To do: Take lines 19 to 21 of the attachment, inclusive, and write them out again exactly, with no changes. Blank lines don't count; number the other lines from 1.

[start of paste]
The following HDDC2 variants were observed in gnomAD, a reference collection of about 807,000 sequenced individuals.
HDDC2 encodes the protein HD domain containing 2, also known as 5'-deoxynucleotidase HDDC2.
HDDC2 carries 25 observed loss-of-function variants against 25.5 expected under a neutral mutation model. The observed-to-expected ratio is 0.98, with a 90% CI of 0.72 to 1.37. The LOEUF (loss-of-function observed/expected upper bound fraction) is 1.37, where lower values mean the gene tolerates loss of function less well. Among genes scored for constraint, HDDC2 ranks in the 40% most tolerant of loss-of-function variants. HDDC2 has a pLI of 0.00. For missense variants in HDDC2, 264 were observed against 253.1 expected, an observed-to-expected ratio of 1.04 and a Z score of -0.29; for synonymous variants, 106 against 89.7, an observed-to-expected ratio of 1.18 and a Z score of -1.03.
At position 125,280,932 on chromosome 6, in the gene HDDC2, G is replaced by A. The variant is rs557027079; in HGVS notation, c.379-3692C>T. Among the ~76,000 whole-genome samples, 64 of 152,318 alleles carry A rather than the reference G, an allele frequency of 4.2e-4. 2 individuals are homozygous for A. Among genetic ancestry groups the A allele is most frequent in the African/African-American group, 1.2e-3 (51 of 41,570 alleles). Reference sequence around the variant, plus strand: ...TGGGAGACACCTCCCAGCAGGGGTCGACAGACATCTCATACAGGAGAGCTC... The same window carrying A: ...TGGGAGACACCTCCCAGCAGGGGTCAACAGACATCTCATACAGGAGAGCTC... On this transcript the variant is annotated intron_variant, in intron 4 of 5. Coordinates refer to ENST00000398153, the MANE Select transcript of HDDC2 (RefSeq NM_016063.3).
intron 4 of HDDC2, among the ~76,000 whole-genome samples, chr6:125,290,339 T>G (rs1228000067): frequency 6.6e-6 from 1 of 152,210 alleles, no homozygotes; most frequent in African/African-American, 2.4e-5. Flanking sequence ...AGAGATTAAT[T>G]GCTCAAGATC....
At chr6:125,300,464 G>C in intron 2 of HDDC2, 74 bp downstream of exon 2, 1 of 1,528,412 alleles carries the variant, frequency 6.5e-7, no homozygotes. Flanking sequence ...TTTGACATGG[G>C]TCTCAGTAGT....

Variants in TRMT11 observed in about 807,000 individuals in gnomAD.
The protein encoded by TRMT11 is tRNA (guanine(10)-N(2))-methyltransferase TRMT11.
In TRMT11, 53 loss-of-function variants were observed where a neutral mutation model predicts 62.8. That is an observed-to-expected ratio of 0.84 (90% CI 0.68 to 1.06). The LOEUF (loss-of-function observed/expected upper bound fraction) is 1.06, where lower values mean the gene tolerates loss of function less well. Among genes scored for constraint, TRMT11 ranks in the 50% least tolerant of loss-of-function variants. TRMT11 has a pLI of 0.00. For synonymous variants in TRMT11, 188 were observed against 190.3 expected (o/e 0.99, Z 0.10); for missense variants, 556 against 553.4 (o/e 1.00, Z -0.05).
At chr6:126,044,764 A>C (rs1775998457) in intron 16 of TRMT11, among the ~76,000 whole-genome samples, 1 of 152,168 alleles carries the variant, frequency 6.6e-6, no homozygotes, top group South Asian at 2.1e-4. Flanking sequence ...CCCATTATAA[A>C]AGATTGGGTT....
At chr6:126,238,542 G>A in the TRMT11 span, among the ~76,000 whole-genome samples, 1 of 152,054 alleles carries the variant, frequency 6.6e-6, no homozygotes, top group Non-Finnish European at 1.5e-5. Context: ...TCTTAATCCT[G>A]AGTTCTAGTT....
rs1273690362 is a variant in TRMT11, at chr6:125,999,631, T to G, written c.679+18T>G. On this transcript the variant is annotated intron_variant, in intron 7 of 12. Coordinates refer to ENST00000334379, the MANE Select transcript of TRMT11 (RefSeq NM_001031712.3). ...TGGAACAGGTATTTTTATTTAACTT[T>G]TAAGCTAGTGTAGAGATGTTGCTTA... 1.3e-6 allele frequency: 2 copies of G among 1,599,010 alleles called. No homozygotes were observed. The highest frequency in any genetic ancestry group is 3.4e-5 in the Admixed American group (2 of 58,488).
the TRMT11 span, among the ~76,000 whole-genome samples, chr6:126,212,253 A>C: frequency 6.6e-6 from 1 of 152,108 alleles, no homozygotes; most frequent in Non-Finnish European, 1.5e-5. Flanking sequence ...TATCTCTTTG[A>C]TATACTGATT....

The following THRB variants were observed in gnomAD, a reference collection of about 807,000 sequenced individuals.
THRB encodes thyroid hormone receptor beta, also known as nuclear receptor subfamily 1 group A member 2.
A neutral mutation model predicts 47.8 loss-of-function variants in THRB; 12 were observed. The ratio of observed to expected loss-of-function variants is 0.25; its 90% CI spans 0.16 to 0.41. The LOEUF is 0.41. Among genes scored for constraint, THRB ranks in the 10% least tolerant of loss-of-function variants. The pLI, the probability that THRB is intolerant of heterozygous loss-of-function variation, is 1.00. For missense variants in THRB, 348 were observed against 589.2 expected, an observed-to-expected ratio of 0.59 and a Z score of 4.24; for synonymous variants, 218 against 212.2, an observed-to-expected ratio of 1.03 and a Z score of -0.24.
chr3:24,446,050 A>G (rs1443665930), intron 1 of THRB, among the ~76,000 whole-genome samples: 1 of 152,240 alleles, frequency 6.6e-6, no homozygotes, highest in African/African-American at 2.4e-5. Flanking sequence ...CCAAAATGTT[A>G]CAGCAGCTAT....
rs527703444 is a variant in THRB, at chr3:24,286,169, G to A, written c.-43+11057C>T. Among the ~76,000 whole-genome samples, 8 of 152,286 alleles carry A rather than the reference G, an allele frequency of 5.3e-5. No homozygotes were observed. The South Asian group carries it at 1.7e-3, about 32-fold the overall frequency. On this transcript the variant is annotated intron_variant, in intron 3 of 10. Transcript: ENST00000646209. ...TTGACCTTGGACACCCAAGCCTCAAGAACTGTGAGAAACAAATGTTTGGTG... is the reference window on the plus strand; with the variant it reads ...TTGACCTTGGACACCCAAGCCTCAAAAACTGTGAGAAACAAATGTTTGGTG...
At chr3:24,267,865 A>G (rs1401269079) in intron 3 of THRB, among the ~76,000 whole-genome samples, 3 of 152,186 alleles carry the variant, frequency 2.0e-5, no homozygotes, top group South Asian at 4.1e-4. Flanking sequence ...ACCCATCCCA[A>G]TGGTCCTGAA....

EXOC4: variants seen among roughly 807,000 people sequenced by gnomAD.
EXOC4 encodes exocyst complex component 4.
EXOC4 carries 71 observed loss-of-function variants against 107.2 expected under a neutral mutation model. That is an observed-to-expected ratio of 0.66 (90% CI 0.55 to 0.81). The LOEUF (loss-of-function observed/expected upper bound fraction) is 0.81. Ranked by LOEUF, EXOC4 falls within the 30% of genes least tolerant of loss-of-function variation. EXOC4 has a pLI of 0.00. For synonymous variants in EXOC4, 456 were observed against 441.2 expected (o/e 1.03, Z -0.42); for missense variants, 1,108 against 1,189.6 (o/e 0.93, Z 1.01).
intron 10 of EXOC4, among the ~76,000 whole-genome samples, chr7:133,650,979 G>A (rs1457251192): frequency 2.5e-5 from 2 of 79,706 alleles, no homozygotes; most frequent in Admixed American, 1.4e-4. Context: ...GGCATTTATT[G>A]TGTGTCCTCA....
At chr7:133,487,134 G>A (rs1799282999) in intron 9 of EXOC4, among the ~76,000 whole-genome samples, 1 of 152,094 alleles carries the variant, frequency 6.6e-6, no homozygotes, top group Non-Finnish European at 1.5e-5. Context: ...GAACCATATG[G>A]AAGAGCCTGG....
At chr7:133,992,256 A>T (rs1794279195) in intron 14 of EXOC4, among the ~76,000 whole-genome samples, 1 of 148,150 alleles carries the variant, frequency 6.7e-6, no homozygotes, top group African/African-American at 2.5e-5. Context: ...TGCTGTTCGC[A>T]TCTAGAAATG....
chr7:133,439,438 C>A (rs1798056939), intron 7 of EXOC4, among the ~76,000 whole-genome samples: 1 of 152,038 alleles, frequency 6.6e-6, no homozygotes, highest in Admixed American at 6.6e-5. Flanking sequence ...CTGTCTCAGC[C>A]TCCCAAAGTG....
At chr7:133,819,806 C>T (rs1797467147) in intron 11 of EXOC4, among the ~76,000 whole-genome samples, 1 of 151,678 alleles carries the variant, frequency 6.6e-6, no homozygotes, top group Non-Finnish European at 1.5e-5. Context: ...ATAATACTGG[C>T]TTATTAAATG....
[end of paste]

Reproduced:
At chr3:24,267,865 A>G (rs1401269079) in intron 3 of THRB, among the ~76,000 whole-genome samples, 3 of 152,186 alleles carry the variant, frequency 2.0e-5, no homozygotes, top group South Asian at 4.1e-4. Flanking sequence ...ACCCATCCCA[A>G]TGGTCCTGAA....

EXOC4: variants seen among roughly 807,000 people sequenced by gnomAD.
EXOC4 encodes exocyst complex component 4.